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Mobile Delivery Matters, so Speed Up Your Site

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Alleviating the aggravating and unpredictable latency experienced by most smartphone users is critical to the heart of the future of the CDN market. Last holiday season, online auction and ecommerce giant eBay became a mobile commerce (m-commerce) giant when sales soared by 134% to well more than $100 million. eBay was hardly alone. Most of the major retail players saw enormous percentage increases year over year in commercial transactions and purchases that originated from mobile devices. If the early days of online commerce are any guide, then the increase should actually accelerate further for the 2011 holiday season.

Meanwhile, Groupon, the hottest daily deal company, is betting heavily on location-based deal offers to expand its reach, with the U.S. mobile display advertising market likely to eclipse $600 million in 2011. With PayPal now supporting person-to-person mobile payments, that market, still quite nascent, will likely take off in the same manner that it grew quickly as a person-to-person payments vehicle in the earlier days of the internet. All of these segments are extremely sensitive to latency and slow page loads.

Today, just building a mobile-friendly app is not enough. Rather, as these businesses drive broader vertical trends toward monetization and maturation in m-commerce, mobile deals, mobile advertising, mobile payments, and social networks, acceleration of mobile content will be the fastest growing part of the CDN and content acceleration sector over the next few years. eBay may have started out with the belief that a nice app would be a sufficient mobile strategy, but increasingly, companies that are serious about mobile monetization will begin to view their mobile application delivery networks and ecosystems in the same way that they view their online commerce strategies. They will begin to create mobile-specific businesses and monetization strategies that emanate from the user back down through the technology stack to ensure maximum engagement and a minimum of activity interruption for users on handsets and tablets. We are already seeing that with some of the early adopters, which I’ll discuss a bit later.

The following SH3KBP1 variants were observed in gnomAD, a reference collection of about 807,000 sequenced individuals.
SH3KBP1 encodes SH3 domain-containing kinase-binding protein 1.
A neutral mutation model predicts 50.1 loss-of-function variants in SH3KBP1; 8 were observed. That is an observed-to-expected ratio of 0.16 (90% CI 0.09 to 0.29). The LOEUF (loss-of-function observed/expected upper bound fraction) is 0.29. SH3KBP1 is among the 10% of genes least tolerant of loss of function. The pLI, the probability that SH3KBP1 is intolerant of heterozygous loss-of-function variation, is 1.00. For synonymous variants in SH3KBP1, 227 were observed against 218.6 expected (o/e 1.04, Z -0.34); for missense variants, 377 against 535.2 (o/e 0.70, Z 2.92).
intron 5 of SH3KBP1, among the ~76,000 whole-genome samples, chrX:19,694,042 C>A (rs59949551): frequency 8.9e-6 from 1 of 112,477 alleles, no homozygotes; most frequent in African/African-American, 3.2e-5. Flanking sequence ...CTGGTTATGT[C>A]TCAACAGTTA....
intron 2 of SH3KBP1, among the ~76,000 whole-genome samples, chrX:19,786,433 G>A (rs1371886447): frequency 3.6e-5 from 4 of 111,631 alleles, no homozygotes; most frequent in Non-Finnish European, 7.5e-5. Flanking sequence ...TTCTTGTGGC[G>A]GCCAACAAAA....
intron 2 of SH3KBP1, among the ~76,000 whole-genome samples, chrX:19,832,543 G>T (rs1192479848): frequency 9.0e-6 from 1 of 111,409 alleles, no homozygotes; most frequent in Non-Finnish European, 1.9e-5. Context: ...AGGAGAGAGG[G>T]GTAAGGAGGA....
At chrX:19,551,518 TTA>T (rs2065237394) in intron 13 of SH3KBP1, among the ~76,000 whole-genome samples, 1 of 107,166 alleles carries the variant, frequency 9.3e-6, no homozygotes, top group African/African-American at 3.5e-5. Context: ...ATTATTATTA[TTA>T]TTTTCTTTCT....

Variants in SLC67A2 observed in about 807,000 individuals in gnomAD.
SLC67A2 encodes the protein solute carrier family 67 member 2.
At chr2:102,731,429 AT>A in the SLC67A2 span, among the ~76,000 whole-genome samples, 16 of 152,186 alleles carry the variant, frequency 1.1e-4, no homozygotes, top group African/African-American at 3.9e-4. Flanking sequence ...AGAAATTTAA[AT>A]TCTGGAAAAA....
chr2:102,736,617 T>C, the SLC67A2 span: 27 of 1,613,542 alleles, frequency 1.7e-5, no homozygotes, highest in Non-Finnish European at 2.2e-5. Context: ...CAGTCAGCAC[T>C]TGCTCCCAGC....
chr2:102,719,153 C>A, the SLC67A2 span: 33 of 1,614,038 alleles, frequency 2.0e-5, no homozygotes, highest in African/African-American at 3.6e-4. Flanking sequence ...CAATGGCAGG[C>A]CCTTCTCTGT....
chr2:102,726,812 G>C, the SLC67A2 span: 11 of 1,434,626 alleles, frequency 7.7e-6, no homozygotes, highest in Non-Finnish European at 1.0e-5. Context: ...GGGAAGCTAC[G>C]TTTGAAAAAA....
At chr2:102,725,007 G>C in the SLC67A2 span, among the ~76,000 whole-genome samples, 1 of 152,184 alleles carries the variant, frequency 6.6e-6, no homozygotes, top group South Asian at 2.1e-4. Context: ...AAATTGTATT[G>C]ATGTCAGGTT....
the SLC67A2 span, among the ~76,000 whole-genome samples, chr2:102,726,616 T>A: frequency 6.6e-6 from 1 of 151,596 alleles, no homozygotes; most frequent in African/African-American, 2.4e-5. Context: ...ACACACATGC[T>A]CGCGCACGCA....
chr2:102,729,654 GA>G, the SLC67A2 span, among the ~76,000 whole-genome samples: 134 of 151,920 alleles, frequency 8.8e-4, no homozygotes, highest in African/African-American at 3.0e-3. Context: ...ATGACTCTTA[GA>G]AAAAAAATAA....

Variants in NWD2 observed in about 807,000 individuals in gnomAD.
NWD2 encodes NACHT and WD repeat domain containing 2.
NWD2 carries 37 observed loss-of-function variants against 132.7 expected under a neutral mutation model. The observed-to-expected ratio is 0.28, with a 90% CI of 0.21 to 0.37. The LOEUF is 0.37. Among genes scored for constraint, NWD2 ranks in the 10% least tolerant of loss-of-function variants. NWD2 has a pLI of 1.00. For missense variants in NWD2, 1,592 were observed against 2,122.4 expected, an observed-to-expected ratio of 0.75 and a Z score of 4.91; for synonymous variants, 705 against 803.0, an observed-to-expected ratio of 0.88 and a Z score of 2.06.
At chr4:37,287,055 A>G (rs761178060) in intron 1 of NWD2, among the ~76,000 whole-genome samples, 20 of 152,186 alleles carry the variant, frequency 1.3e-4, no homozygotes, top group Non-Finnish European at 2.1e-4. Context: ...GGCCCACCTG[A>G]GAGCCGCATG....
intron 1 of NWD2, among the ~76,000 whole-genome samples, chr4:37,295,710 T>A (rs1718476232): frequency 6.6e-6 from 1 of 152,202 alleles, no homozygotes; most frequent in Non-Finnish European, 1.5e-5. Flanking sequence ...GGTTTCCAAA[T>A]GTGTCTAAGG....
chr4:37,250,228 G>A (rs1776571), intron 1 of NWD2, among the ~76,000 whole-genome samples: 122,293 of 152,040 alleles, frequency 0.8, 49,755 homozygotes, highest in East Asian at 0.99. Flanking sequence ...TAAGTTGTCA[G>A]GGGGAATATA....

Frost & Sullivan is forecasting that by 2015, mobile advertising revenues in the U.S. alone will rise from $491 million to $2.04 billion. That’s compared with total global mobile advertising revenues today of roughly $2 billion. By 2015, mobile commerce is expected to reach $119 billion in total transaction value, and half the world’s mobile subscribers could be making mobile payments. According to a survey of 1,800 people by advertising and marketing agency Leo Burnett, 50% of consumers use mobile devices as part of their shopping experiences, be it searching for deals, locating product information, or executing on-the-fly price comparisons.